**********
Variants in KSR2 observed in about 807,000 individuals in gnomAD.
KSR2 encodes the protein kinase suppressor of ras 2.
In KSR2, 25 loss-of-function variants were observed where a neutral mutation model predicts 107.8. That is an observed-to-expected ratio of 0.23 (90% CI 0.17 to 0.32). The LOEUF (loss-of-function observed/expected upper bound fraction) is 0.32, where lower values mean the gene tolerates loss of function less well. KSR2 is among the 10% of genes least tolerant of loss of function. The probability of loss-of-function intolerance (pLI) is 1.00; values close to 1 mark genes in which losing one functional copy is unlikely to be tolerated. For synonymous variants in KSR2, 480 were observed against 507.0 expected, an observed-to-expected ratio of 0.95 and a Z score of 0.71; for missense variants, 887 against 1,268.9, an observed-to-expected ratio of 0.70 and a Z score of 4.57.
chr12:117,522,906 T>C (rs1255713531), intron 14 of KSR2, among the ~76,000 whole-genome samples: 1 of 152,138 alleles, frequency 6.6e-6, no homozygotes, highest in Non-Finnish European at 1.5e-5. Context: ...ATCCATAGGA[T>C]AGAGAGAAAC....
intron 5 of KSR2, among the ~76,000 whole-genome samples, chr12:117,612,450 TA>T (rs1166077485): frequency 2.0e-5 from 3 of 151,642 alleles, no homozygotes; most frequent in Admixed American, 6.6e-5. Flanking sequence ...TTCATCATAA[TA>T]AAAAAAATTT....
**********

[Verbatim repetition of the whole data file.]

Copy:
Variants in KSR2 observed in about 807,000 individuals in gnomAD.
KSR2 encodes the protein kinase suppressor of ras 2.
In KSR2, 25 loss-of-function variants were observed where a neutral mutation model predicts 107.8. That is an observed-to-expected ratio of 0.23 (90% CI 0.17 to 0.32). The LOEUF (loss-of-function observed/expected upper bound fraction) is 0.32, where lower values mean the gene tolerates loss of function less well. KSR2 is among the 10% of genes least tolerant of loss of function. The probability of loss-of-function intolerance (pLI) is 1.00; values close to 1 mark genes in which losing one functional copy is unlikely to be tolerated. For synonymous variants in KSR2, 480 were observed against 507.0 expected, an observed-to-expected ratio of 0.95 and a Z score of 0.71; for missense variants, 887 against 1,268.9, an observed-to-expected ratio of 0.70 and a Z score of 4.57.
chr12:117,522,906 T>C (rs1255713531), intron 14 of KSR2, among the ~76,000 whole-genome samples: 1 of 152,138 alleles, frequency 6.6e-6, no homozygotes, highest in Non-Finnish European at 1.5e-5. Context: ...ATCCATAGGA[T>C]AGAGAGAAAC....
intron 5 of KSR2, among the ~76,000 whole-genome samples, chr12:117,612,450 TA>T (rs1166077485): frequency 2.0e-5 from 3 of 151,642 alleles, no homozygotes; most frequent in Admixed American, 6.6e-5. Flanking sequence ...TTCATCATAA[TA>T]AAAAAAATTT....